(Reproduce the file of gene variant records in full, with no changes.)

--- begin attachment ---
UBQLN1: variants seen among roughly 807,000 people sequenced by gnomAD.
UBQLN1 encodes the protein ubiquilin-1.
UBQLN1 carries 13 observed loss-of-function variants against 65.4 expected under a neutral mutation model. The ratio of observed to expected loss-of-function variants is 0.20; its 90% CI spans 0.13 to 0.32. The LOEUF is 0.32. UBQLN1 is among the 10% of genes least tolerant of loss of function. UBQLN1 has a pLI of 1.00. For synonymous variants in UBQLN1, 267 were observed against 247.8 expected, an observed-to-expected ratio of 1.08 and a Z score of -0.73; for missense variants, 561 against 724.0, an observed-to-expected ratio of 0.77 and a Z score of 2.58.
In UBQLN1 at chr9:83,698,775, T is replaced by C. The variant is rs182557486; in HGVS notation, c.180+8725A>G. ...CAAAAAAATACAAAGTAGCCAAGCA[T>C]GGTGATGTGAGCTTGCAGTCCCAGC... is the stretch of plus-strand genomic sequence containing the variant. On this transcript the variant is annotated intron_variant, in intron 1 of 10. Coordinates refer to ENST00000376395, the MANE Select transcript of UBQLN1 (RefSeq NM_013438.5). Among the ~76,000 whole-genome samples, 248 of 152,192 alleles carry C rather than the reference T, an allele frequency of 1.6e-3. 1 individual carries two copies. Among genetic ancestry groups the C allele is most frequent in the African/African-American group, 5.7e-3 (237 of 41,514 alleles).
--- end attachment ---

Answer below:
UBQLN1: variants seen among roughly 807,000 people sequenced by gnomAD.
UBQLN1 encodes the protein ubiquilin-1.
UBQLN1 carries 13 observed loss-of-function variants against 65.4 expected under a neutral mutation model. The ratio of observed to expected loss-of-function variants is 0.20; its 90% CI spans 0.13 to 0.32. The LOEUF is 0.32. UBQLN1 is among the 10% of genes least tolerant of loss of function. UBQLN1 has a pLI of 1.00. For synonymous variants in UBQLN1, 267 were observed against 247.8 expected, an observed-to-expected ratio of 1.08 and a Z score of -0.73; for missense variants, 561 against 724.0, an observed-to-expected ratio of 0.77 and a Z score of 2.58.
In UBQLN1 at chr9:83,698,775, T is replaced by C. The variant is rs182557486; in HGVS notation, c.180+8725A>G. ...CAAAAAAATACAAAGTAGCCAAGCA[T>C]GGTGATGTGAGCTTGCAGTCCCAGC... is the stretch of plus-strand genomic sequence containing the variant. On this transcript the variant is annotated intron_variant, in intron 1 of 10. Coordinates refer to ENST00000376395, the MANE Select transcript of UBQLN1 (RefSeq NM_013438.5). Among the ~76,000 whole-genome samples, 248 of 152,192 alleles carry C rather than the reference T, an allele frequency of 1.6e-3. 1 individual carries two copies. Among genetic ancestry groups the C allele is most frequent in the African/African-American group, 5.7e-3 (237 of 41,514 alleles).